ACT News

New 40km/hr speed limits at local shopping centres to go ahead

ACT Government will start work on implementing new 40km/hr speed limits for 18 local shopping centres, first flagged in November, as soon as this week.

Announcing the move, Minister for Roads and Parking Mick Gentleman said all the new speed limits would be in place by April.

Minister for Roads and Parking Mick Gentleman said all the new speed limits will be in place by April.
Minister for Roads and Parking Mick Gentleman said all the new speed limits will be in place by April. Photo: Elesa Kurtz

The 18 local shopping centres include Amaroo, Calwell, Charnwood, Chisholm, Conder, Curtin, Dickson, Erindale, Hawker, Jamison, Kaleen, Kingston, Kambah, Kippax, Manuka, Mawson, Wanniassa and Weston.

The move builds on the implementation of 40km/hr speed limits in parts of Civic, Belconnen and Tuggeranong town centres in June 2013.

40km/h speed limits are set to go beyond school zones in Canberra, with local shopping centres to have reduced speed limits.
40km/h speed limits are set to go beyond school zones in Canberra, with local shopping centres to have reduced speed limits. 

Work will begin this week on changing the speed limit at Kingston, Manuka, Weston, Curtin, Kambah, Calwell, Charnwood, Kaleen and Wanniassa.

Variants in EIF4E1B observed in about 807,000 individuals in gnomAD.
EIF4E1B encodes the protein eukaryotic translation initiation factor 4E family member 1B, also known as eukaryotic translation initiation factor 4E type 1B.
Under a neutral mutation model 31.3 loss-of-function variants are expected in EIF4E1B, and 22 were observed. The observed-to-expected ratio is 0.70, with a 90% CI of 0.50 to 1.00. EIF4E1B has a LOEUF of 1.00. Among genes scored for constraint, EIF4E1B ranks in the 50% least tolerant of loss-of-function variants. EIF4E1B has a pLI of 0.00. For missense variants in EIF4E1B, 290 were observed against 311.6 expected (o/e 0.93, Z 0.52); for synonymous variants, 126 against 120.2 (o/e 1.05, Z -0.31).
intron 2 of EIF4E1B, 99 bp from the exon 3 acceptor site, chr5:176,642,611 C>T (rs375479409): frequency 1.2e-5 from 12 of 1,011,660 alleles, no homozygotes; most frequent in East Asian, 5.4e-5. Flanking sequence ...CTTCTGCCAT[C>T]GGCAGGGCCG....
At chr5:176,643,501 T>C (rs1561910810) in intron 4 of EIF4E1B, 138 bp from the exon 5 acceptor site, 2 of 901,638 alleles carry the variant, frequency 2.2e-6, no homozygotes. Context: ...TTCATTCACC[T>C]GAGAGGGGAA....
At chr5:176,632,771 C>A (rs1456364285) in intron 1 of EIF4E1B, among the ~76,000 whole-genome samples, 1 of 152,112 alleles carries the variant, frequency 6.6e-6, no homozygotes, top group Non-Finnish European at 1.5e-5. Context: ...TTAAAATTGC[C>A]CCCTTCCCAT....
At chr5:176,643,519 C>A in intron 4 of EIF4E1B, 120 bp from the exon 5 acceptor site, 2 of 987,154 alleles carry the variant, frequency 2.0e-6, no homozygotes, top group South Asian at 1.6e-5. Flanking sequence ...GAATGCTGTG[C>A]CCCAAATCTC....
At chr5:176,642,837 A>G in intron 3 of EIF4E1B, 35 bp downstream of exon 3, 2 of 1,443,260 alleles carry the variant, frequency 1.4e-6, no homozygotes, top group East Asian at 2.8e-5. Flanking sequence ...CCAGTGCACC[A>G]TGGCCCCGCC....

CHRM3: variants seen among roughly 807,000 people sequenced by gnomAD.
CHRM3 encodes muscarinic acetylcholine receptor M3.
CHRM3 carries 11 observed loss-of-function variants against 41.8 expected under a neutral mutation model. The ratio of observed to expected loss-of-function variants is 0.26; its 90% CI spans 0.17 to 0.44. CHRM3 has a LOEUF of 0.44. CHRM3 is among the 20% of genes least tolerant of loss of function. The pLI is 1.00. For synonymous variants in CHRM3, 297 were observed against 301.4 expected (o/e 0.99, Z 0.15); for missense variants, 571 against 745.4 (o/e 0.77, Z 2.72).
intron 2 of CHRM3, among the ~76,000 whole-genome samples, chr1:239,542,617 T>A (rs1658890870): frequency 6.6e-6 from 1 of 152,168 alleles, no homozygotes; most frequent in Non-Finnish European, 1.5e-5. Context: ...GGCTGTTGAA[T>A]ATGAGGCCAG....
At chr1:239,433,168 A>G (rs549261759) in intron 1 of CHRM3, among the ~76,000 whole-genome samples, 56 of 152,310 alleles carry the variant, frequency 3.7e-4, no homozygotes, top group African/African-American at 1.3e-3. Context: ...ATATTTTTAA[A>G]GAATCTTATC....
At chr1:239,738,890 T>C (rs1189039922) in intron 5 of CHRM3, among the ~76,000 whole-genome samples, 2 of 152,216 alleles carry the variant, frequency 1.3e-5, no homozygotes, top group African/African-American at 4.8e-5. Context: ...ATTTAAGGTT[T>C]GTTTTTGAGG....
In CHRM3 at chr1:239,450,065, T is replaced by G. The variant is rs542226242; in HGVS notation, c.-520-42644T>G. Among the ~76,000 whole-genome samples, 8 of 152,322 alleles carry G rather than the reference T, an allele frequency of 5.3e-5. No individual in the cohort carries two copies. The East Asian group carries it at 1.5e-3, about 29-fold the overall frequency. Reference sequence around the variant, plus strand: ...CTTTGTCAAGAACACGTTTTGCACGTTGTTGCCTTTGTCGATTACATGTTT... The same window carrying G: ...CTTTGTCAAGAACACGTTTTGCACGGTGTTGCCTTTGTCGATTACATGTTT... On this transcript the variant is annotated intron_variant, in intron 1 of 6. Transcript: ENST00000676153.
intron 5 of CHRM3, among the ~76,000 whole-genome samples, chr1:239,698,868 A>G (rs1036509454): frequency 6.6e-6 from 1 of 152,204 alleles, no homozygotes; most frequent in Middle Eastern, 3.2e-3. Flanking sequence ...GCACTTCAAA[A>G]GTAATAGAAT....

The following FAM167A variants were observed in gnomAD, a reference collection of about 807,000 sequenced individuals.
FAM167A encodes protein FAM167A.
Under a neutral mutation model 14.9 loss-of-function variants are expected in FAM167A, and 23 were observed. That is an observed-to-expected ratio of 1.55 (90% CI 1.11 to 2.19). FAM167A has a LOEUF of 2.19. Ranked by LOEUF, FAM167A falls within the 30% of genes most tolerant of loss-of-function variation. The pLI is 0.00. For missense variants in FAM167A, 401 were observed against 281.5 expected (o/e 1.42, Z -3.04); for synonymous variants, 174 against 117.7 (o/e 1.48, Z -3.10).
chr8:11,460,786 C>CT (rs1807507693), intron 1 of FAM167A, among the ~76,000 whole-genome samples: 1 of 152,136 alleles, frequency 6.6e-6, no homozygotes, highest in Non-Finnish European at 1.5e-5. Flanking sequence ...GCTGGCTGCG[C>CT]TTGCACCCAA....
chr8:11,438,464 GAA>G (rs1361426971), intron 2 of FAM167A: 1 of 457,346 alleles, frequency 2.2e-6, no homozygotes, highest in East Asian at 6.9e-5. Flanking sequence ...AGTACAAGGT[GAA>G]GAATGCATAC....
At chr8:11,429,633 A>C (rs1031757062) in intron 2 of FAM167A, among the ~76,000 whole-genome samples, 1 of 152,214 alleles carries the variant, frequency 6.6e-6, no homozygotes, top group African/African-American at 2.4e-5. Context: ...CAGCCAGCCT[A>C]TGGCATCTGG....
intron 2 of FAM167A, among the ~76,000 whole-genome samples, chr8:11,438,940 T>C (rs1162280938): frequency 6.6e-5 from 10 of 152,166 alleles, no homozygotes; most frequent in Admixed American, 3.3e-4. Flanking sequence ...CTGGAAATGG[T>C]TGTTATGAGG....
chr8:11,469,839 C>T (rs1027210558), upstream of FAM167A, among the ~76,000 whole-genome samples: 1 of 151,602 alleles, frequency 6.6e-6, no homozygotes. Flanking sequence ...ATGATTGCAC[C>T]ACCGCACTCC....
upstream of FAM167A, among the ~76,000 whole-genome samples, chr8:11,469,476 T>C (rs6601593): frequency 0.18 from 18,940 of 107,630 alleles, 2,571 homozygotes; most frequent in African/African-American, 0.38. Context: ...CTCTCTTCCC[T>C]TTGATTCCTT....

Mr Gentleman said the community had been consulted on the changes, and Roads ACT recieved 274 online responses and 12 written submissions.

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"The feedback received indicated there was majority support for the selected precincts," Mr Gentleman said.

He said the measure was to protect pedestrians and cyclists.

"Research indicates that the introduction of a 40km/h speed area can significantly reduce the risk of death for vulnerable road users," Mr Gentleman said.

Police had been concerned about Canberra drivers rat-running through local back streets.

In one case last year a Chapman man, 22, was caught driving 102 km/hr in a 40km/hr school zone on College Street in Bruce.

Opposition Transport spokesman Alistair Coe said any decision to reduce speed limits needed to be based on proper risk-based research.

"Whilst the objective of making our roads safer is worthwhile, reducing speed zones can give a false sense of security as compliant drivers adhere whilst dangerous drivers may simply disregard the new speed limits," he said.

"The zones must be limited to the immediate area around shops and known pedestrian areas.

"Otherwise, poorly placed 40 zones could be deemed unreasonable and risk being disregard by many motorists."